Under Pressure

Under Pressure

My father’s favorite poem, Rudyard Kipling’s “If-“, begins and ends with the following lines that have always resonated with me.

If you can keep your head when all about you
    Are losing theirs and blaming it on you,
If you can trust yourself when all men doubt you,
    But make allowance for their doubting too;
If you can wait and not be tired by waiting,
    Or being lied about, don’t deal in lies,
Or being hated, don’t give way to hating,
    And yet don’t look too good, nor talk too wise:…
If you can talk with crowds and keep your virtue,
    Or walk with Kings—nor lose the common touch,
If neither foes nor loving friends can hurt you,
    If all men count with you, but none too much;
If you can fill the unforgiving minute
    With sixty seconds’ worth of distance run,
Yours is the Earth and everything that’s in it,
    And—which is more—you’ll be a Man, my son!

I admire those who are cool under pressure – neurosurgeons, fighter pilots, and mothers of small children.   While neurosurgeons and fighter pilots are trained to anticipate fast-moving crises, mothers daily face a host of unforeseeable emergencies.  No one can predict where a small child will climb, what he will find and then eat, or what deep existential questions she will ask.  Men, remember this when you ask your wife, ‘how was your day?  what did you do today?’ — brace yourselves.   Whatever challenges you overcame were child’s play compared to the ones fielded by your children’s mother.

I am always in awe of how my wife handles the moment of crisis.  She may be rattled to the core, but she never lets it show.  She is all business.  Assessing damage, applying relief, anticipating the next step and dialing back everyone else’s drama, even if her own is skyrocketing.   Her faith in God’s goodness, wisdom and providence is daily put to the test and refined into a thing of growing beauty and strength. Struggle is good. But it is still struggle.  It does not merit us anything, but it may mentor us.  Struggle is the agency of refinement. James, the brother of the Jesus, put it this way.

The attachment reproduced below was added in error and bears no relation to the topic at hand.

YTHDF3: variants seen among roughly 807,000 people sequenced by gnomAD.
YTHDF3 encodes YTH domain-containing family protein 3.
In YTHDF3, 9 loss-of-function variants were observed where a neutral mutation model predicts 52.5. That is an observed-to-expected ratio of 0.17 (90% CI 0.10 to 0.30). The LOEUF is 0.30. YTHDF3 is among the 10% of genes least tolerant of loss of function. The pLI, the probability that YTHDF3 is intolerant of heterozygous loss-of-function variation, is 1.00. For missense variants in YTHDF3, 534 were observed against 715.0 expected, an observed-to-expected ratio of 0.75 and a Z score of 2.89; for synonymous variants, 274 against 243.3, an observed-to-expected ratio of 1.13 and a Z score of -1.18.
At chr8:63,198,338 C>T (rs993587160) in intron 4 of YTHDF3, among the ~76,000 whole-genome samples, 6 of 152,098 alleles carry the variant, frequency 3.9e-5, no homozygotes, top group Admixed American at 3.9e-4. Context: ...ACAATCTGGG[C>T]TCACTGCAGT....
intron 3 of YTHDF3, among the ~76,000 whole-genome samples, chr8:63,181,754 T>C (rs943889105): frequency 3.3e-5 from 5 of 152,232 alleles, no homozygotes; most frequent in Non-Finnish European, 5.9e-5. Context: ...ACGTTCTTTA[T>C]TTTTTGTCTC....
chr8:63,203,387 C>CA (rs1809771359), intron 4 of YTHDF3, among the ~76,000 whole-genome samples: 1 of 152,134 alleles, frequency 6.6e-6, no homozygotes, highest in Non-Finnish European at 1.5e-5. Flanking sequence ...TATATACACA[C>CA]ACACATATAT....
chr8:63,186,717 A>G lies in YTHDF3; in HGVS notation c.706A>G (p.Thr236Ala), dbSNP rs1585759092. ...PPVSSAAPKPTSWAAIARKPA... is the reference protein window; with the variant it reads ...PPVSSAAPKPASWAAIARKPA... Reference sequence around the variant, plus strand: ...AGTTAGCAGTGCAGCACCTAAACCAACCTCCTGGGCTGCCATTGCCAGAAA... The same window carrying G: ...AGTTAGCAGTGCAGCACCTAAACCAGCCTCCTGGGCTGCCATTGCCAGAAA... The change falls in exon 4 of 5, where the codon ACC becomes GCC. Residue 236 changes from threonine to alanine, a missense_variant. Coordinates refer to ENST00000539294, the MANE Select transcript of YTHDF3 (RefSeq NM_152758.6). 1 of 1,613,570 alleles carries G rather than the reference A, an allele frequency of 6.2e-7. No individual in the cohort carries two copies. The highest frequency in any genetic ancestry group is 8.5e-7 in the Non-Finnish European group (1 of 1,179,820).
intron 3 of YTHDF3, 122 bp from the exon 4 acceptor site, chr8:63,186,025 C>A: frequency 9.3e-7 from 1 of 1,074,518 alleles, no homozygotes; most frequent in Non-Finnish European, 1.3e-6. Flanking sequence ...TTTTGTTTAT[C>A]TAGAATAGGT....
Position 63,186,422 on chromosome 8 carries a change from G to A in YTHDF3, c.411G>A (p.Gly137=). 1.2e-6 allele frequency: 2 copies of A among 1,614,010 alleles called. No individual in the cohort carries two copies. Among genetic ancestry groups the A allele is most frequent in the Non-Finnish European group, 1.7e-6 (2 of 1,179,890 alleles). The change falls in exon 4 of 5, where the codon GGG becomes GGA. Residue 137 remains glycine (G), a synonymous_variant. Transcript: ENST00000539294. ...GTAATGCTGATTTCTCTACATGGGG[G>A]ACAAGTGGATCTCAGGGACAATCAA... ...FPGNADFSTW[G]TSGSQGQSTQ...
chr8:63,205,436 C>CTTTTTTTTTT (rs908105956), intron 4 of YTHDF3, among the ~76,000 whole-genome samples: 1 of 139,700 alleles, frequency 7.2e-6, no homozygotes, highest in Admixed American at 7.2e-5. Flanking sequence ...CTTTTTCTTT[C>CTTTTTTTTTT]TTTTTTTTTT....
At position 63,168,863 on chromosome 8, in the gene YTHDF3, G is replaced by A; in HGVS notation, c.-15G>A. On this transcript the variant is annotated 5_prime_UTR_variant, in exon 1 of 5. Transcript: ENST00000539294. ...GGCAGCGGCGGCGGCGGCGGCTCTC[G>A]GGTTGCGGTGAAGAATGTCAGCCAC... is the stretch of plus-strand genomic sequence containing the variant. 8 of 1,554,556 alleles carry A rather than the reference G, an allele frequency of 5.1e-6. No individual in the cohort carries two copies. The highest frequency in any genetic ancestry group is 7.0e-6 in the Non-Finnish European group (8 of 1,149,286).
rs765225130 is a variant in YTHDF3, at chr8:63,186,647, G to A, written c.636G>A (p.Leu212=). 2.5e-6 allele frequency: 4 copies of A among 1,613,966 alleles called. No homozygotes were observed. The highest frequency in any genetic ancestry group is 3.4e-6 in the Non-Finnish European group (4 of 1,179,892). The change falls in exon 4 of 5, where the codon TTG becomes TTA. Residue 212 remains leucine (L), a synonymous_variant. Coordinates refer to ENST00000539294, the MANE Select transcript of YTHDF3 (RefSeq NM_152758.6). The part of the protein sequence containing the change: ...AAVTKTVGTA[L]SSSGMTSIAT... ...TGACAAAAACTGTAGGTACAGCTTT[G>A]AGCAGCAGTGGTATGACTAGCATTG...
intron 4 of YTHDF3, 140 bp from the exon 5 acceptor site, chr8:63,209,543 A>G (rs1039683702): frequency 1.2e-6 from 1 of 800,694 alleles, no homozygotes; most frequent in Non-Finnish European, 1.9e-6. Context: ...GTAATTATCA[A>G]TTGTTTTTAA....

Count it all joy, my brothers, when you meet trials of various kinds, for you know that the testing of your faith produces steadfastness. And let steadfastness have its full effect, that you may be perfect and complete, lacking in nothing.  James 1:2-4

Crisis is an unavoidable part of life in a fallen world.  We try out best to avoid it.  We have text and app alerts for weather, bank balances, family location or status changes, hoping to get ahead of a situation before it escalates.  We have more news feeds than Reuters, keeping us abreast of developing stories.  We insulate our lives with insurance, security systems, backup power, and our “emergency fund.”  After all, Dave Ramsey assures us that those with an “emergency fund” don’t have emergencies.   But what about those crises that are bigger than our plans or our preparation?  Crises like financial ruin, sickness and death, irreconcilable estrangements, and even national and natural disasters?  Crises which penetrate to the depths of our souls.  How do we manage when the crises are unmanageable?